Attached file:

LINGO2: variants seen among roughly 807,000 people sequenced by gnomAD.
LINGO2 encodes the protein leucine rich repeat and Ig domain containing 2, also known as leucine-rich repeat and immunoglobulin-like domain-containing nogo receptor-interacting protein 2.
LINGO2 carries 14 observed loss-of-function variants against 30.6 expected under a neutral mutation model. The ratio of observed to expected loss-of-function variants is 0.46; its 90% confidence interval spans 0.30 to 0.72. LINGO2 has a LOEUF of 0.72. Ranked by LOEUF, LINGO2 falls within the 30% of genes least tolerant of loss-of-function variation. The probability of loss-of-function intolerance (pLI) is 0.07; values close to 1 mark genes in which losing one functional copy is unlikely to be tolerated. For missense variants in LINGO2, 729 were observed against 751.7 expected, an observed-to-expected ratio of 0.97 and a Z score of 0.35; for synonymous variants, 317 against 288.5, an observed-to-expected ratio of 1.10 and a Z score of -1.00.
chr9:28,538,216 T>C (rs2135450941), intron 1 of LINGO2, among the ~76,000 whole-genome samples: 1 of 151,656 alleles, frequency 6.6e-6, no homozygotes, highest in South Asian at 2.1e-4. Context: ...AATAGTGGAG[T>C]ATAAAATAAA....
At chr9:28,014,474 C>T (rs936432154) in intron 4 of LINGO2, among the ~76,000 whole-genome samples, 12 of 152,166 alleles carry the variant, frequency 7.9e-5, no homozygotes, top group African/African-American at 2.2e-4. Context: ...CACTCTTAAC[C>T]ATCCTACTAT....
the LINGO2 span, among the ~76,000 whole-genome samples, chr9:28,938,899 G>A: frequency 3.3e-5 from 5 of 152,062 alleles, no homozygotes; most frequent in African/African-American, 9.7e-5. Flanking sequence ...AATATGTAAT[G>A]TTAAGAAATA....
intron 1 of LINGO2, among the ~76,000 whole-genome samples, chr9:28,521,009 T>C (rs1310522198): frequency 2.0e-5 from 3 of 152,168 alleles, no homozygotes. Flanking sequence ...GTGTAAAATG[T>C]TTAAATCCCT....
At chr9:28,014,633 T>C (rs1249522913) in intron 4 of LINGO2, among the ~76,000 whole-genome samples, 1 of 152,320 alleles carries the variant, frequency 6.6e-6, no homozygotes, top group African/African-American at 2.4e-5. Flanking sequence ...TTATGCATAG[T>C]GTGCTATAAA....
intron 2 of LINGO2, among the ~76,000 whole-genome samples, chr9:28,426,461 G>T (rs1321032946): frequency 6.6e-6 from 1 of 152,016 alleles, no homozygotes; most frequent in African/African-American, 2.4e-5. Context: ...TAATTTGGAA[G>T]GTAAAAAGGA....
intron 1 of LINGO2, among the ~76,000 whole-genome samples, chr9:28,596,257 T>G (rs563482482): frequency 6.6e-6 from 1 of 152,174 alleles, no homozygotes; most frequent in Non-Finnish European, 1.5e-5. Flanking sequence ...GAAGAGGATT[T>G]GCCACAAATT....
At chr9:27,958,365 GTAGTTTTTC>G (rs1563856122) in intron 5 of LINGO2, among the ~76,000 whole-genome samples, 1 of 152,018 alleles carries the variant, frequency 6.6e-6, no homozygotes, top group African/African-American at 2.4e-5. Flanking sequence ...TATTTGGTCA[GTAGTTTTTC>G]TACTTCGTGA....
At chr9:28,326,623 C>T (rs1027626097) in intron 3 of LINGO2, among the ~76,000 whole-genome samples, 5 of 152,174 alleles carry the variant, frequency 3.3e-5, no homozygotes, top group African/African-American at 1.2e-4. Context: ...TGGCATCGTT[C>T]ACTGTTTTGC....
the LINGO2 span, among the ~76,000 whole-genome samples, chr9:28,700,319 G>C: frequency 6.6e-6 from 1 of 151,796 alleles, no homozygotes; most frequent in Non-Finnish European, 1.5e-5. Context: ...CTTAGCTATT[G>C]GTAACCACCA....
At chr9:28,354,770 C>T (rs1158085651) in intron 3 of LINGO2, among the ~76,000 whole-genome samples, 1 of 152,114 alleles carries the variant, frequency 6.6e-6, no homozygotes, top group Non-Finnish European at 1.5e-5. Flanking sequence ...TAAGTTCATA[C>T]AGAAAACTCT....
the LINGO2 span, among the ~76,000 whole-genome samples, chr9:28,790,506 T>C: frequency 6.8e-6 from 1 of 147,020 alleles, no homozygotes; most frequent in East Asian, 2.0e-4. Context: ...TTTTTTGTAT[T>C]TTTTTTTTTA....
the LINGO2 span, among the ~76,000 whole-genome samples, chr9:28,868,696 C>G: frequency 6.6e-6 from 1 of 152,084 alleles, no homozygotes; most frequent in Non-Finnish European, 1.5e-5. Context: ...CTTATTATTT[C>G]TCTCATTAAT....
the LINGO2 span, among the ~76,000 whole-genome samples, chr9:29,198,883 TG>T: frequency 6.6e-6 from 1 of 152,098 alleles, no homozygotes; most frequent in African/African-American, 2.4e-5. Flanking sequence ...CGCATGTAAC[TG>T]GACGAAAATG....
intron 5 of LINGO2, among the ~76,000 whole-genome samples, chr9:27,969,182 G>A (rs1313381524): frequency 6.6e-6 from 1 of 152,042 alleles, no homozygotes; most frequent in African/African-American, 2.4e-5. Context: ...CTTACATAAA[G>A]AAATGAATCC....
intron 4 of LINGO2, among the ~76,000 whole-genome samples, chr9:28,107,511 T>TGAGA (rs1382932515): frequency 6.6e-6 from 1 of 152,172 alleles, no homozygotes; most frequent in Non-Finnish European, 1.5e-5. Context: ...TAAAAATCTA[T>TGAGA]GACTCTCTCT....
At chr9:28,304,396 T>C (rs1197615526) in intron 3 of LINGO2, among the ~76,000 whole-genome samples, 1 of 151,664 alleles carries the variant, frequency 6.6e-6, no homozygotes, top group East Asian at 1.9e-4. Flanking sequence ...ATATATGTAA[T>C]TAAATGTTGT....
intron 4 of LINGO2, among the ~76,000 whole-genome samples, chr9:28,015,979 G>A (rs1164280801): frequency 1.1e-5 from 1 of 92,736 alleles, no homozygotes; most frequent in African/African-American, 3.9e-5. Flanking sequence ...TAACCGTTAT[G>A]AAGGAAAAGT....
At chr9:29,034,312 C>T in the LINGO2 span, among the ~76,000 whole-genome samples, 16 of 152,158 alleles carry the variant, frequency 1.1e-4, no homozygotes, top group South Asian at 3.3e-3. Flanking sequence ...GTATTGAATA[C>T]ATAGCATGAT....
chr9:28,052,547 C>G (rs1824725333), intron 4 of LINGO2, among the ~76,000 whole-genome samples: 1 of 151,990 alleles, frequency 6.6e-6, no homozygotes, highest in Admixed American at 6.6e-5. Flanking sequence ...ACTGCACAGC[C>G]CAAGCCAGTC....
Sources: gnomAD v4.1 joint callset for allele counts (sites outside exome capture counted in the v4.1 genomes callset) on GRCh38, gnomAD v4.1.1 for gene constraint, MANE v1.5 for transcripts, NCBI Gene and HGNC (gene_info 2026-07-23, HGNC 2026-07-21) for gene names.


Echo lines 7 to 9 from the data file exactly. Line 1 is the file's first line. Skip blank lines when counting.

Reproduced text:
intron 1 of LINGO2, among the ~76,000 whole-genome samples, chr9:28,521,009 T>C (rs1310522198): frequency 2.0e-5 from 3 of 152,168 alleles, no homozygotes. Flanking sequence ...GTGTAAAATG[T>C]TTAAATCCCT....
At chr9:28,014,633 T>C (rs1249522913) in intron 4 of LINGO2, among the ~76,000 whole-genome samples, 1 of 152,320 alleles carries the variant, frequency 6.6e-6, no homozygotes, top group African/African-American at 2.4e-5. Flanking sequence ...TTATGCATAG[T>C]GTGCTATAAA....
intron 2 of LINGO2, among the ~76,000 whole-genome samples, chr9:28,426,461 G>T (rs1321032946): frequency 6.6e-6 from 1 of 152,016 alleles, no homozygotes; most frequent in African/African-American, 2.4e-5. Context: ...TAATTTGGAA[G>T]GTAAAAAGGA....